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 Post subject: Looking for a carbon 210 Gyuto recommendation
PostPosted: Mon Sep 16, 2013 9:28 pm 

Joined: Mon Sep 16, 2013 6:07 pm
Posts: 8
1. Are you right handed? Yes
2. What type of knife are you interested in (gyuto, nakiri etc..) Gyuto
3. What size knife are you looking for? 210
4. Do you prefer carbon or stainless steel? Leaning toward carbon
5. Do you prefer a western handle or a Japanese handle? never handled a wa
6. How much did you want to spend? $50-$200 love good value
7. Do you know how to sharpen? yes

My go to kitchen knife has been a Wusthof 8" chef for the last 10 years. It sees use daily as we prefer to eat at home and my wife has a cooking blog which I do the prep for. I'm a combination rock and forward slicer that have worked in a restaurant doing prep back in my teen years (30 years ago). Recently I picked up a few Opinel carbon steel pocket knives and the light just went off as I was reminded of what knife steel used to behave and feel (carbon feels as though it has soul) like when I was a kid. So now the hunt was on for a carbon steel kitchen knife and that is what has led me to this site. CKTG has a couple that I'm considering and I was hoping to get the opinion of someone that is familiar with these knives.

Under consideration

Murata 210 (carbon) (looks like a good value on paper)

Kono White #2 (carbon) (temporarily out of stock)

Kohetsu Aogami Super ( carbon core / stainless clad)

Hiromoto Aogami Gyuto ( carbon core / stainless clad) (french handle)

Does the cladding effect the feel of the steel (make it feel cold/souless)?
Is there a difference in their slicing ability due to blade geometry/thinness amusing they are equally sharp?
So what do you guys recommend considering the above?
Is there a contender that I have overlooked?

Thanks to all you guys that take the time to point us newbies in the right direction. :)


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 Post subject: Re: Looking for a carbon 210 Gyuto recommendation
PostPosted: Tue Sep 17, 2013 7:51 am 
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Location: USA... mostly.
CROW <> "Does the cladding effect the feel of the steel (make it feel cold/souless)?" Some can notice a deadening of feedback - a less lively blade, the majority do not.

"Is there a difference in their slicing ability due to blade geometry/thinness amusing they are equally sharp?" I can't say I've used all four of those knives to compare/contrast geometry, but in a general sense - yes, geometry plays a crucial role in how a knife cuts. The quintessential laser, the Kono W#2, is going to feel sharper than it is due to thinness of the edge & will feel as if it cuts more easily then a thicker knife at the same sharpness. They are also very light knives which helps when you're prepping for hours. With these pros comes a con, they are more fragile & require a different level of respect. I'm not saying they are glass, they are steel, but heavy duty tasks must be addressed with caution or your Wusthof. Furthermore, their thin edges are not particularly suited for your rocking style. The lateral force of the slide down the board & the torquing of all that edge to board contact is just not the best for a laser.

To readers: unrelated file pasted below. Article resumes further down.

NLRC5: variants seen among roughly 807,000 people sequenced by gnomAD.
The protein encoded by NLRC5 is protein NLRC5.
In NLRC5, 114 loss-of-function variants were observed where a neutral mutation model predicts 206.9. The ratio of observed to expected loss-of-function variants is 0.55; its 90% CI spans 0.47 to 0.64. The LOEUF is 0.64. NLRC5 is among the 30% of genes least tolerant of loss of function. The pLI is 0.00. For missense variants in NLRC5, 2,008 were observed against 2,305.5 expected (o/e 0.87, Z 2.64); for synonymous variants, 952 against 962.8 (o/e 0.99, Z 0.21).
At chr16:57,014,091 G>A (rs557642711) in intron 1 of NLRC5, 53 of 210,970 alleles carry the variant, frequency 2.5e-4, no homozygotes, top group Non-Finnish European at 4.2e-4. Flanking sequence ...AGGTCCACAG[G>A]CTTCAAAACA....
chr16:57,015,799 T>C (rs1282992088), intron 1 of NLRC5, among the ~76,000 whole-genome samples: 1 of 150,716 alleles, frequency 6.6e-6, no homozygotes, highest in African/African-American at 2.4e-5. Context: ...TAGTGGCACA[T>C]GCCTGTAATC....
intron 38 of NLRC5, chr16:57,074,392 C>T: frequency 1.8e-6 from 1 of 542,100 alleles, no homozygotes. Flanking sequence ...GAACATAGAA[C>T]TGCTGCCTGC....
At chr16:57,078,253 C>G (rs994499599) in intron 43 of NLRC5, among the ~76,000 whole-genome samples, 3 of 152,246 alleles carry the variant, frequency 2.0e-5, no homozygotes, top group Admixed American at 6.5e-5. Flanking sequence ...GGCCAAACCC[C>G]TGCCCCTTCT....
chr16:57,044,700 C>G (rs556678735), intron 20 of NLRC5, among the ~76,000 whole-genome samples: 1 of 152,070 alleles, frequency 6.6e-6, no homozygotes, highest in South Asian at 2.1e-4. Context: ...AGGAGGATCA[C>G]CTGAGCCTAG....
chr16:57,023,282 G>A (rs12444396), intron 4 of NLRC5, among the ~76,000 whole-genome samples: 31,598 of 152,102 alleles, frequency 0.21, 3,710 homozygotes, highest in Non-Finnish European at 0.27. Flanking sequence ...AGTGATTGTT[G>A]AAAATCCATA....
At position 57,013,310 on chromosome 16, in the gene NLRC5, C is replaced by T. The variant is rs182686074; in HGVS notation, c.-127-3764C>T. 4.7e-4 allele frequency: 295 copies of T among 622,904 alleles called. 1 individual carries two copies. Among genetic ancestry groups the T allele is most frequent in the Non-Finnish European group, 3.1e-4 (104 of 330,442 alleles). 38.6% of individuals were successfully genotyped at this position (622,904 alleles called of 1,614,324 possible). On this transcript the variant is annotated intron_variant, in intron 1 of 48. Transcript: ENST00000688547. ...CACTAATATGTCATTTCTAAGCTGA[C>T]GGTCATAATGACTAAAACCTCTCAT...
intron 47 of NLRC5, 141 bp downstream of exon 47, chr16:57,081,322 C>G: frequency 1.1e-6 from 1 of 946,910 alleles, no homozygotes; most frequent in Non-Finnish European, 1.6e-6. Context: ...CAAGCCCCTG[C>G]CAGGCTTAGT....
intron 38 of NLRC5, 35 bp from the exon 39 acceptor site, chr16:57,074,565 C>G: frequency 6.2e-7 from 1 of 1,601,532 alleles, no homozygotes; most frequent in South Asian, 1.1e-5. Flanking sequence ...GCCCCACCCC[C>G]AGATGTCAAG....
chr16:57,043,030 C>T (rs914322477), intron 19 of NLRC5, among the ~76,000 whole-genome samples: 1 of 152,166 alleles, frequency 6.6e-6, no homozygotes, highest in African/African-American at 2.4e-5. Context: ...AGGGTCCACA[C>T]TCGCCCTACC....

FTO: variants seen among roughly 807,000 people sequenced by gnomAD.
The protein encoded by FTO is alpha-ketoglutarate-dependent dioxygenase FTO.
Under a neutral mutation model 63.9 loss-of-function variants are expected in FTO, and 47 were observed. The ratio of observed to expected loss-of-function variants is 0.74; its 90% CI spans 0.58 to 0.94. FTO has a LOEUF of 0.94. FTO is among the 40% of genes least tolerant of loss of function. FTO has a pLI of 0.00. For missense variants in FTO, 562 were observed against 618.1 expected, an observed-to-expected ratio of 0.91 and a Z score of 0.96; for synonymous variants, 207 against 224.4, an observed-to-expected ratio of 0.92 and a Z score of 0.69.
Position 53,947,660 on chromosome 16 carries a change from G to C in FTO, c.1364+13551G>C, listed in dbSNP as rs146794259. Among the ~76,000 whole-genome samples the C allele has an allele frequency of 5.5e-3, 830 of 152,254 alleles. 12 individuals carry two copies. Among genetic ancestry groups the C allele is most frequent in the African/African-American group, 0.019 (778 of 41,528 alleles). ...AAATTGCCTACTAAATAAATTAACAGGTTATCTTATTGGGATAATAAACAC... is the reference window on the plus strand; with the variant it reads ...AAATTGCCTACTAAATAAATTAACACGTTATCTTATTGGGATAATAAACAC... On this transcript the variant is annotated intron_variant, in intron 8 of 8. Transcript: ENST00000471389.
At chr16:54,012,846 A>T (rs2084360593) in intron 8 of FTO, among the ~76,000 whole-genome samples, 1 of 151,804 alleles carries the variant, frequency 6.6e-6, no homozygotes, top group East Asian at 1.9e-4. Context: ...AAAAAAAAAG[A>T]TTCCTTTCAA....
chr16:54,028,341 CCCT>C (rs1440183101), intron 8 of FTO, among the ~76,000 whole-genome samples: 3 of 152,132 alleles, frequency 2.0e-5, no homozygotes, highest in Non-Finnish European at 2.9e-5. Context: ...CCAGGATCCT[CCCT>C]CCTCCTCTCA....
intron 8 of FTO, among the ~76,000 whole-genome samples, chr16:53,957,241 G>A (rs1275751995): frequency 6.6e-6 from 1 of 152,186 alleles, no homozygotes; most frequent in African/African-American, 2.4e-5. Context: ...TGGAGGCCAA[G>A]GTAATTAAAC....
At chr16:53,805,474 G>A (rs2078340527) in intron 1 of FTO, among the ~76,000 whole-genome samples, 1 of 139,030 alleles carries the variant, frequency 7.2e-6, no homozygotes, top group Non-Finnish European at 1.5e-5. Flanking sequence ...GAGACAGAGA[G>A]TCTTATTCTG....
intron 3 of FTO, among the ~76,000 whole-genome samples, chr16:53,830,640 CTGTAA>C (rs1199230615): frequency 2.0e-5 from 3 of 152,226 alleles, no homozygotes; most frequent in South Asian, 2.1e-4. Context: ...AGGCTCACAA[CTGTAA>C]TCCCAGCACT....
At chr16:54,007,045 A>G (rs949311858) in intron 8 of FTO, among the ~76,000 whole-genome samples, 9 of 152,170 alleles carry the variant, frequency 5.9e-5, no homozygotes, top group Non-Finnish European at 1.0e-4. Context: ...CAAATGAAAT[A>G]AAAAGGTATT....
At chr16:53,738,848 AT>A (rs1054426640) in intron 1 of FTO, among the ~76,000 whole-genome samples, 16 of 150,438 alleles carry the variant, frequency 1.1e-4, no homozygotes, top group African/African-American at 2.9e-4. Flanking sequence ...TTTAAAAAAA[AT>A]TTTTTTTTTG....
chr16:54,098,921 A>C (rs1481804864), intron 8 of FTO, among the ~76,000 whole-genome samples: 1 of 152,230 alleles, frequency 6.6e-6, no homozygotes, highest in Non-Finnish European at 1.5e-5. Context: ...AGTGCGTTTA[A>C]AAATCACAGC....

The thicker blades, bear in mind none you reference are particularly thick, have benefits, as well. For one, their thickness allows the bladesmith to incorporate a distinct convex into the blade geometry of which helps food release from the blade face & cuts their tendency to wedge into foods. Furthermore, with thickness comes more steel which creates more weight of which many prefer in a knife. A heavier knife with a nice grind has a way of falling through food that a laser can not compare to. Some like the inherent integrity that a heavier knife instills... its a preferential thing. And as I mentioned above, a thicker knife simply has more integrity to handle heavier duty tasks more easily. Yes, these are still hard steel knives we are talking about, but when you get a bit thicker behind the edge you will inherently have a more durable edge.

"So what do you guys recommend considering the above?" From what I know about you, it seems the Murata is the best bet. It's a great value @$100, it's relatively lightweight while still thick enough to perform on heavier tasks & to rock with. Side note: rocking with a Wa feels a bit foreign to me, but not so incredibly strange.

"Is there a contender that I have overlooked?" Are you kidding.?! Too many to list, but here are a few: Kajihara is very much like the Murata you referenced, the Mizu is similar, as well, and you can't forget about the Tanaka. In Yo-handled knives you have the venerable Masamoto, the Misono, and the Artifex in the beloved 52100.



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 Post subject: Re: Looking for a carbon 210 Gyuto recommendation
PostPosted: Tue Sep 17, 2013 2:55 pm 

Joined: Mon Sep 16, 2013 6:07 pm
Posts: 8
Thanks so much for the reply.
Your comments have me reconsidering whether a medium weight knife might better suit my cutting style.